A common issue with seeds germinating is that they do not get enough water. There are multiple approaches to make sure seeds stay wet. Seeds by themselves can be placed in damp paper towels in baggies before sowing into a tray. If the seeds are large enough, they can be soaked overnight in a saucer. Seeds sown directly in trays can be covered with moist newspapers or put into a mist chamber to keep the surface of the planting medium moist. If seeds are planted outside, morning and evening irrigation is usually enough to keep them hydrated. If the weather is extremely dry, you can plant seeds in a slight trench made with a hoe to catch water (photo) or cover the seeds with cardboard and moisten underneath once a day.
3. Oxygen is the often forgotten element
Seeds use oxygen too! This may surprise some people, since the focus on gases with plants is usually on the carbon dioxide plants use to make sweet sugars. Just as you need plenty of oxygen when you exercise, a seed must take in oxygen to break down its stored food supply during germination. If seeds are planted too deep, if they sit in too much water, or if a thick crust forms on the soil, they may be starved of oxygen. Avoid creating these conditions when sowing.
Troubleshooting: What if my seeds don’t germinate?
If a viable seed is exposed to the appropriate temperature, moisture, and oxygen levels and nothing happens, a condition called dormancy may be to blame.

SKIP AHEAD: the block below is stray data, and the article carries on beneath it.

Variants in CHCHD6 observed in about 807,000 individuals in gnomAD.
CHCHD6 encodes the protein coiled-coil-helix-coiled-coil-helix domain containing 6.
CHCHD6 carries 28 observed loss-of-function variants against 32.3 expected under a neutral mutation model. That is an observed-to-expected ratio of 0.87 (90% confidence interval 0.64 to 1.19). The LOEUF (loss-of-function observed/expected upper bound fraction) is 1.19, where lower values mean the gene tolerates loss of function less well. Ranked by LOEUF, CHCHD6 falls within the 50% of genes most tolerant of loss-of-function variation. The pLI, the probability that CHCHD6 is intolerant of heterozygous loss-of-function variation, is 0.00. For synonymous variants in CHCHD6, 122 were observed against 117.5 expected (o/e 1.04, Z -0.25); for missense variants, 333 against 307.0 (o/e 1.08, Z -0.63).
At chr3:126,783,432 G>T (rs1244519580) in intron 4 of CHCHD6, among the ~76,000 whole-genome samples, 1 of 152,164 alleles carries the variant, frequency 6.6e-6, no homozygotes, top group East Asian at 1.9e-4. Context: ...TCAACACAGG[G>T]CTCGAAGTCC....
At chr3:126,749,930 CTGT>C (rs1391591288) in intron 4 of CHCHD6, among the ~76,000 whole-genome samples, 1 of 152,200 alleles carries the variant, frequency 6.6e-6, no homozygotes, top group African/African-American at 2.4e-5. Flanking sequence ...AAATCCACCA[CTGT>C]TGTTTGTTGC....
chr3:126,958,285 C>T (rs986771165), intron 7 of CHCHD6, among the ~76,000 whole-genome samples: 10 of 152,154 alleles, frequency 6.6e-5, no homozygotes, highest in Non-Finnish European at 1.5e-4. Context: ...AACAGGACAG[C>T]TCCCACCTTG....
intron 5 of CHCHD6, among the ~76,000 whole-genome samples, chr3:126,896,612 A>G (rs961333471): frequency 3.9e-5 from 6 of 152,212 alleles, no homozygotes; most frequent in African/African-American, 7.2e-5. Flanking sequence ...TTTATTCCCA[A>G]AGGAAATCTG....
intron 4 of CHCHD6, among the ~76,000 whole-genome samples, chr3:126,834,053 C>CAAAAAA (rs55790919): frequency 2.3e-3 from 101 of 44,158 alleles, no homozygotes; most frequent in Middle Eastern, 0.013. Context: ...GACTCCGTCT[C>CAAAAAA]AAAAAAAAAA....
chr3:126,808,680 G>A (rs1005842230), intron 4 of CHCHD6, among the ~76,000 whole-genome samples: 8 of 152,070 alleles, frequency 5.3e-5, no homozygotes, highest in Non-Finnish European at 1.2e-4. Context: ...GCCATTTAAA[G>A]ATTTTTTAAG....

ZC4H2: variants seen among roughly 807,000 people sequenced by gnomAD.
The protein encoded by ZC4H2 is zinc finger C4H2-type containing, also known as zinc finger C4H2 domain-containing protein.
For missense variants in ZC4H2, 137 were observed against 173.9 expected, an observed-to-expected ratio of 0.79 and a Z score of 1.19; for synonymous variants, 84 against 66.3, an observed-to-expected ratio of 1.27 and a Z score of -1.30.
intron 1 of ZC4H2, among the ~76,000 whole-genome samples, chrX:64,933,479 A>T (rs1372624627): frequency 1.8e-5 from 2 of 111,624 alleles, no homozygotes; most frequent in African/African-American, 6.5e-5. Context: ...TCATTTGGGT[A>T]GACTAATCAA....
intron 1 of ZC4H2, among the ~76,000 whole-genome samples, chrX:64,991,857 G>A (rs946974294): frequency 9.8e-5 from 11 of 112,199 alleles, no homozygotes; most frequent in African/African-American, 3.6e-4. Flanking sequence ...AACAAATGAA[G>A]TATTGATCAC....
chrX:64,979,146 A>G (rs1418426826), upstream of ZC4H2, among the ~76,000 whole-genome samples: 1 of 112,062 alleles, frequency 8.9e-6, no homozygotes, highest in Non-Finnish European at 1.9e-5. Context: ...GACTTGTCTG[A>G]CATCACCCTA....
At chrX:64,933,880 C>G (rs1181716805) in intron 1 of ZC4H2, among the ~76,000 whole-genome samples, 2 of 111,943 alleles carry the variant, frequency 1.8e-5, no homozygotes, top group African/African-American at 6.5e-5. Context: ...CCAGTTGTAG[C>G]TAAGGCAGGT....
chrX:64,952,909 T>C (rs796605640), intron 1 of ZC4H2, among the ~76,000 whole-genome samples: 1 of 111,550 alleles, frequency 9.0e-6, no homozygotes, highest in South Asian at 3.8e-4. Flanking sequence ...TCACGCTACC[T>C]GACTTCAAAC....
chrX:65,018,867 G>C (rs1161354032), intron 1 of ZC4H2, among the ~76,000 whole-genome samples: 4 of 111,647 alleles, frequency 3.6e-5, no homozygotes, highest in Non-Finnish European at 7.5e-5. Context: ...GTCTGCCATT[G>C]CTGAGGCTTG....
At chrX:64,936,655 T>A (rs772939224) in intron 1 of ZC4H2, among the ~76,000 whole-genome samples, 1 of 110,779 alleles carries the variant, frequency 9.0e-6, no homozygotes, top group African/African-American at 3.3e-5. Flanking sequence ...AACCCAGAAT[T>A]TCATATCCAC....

Dormancy makes sense from a plant’s perspective. Interacting with their environment over time, many wild plants developed mechanisms to prevent germination until conditions were favorable for seedling survival. Some vegetables and flowering annuals grown by humans over the millennia have had seed dormancy bred out of them, but many species still show these basal traits.
Three common dormancy scenarios (and how to overcome them)
1. Water can’t penetrate the seed coat
Some seeds have a very thick seed coat that may also contain water-repellent molecules. A thick coat makes sense for seeds that must endure freezing and scorching weather, traveling through animals’ digestive systems, or being trampled by herds. Under conditions like these, natural selection would have favored seeds with a robust physical barrier over thinner-walled counterparts.
To encourage germination, you can scarify (damage) the water-resistant seed coat. Use fingernail clippers, a file, or sandpaper to remove the seed coat until you see the underlying flesh. Some horticulturists soak the seeds in hot water (140°F) or acid, but these techniques require more safety precautions.
Seeds with thick coats
- Eastern bluestar (Amsonia tabernaemontana, Zones 3–9)
- Kentucky coffee tree (Gymnocladus dioica, Zones 3–8)
- Texas bluebonnet (Lupinus texensis, Zones 3–8)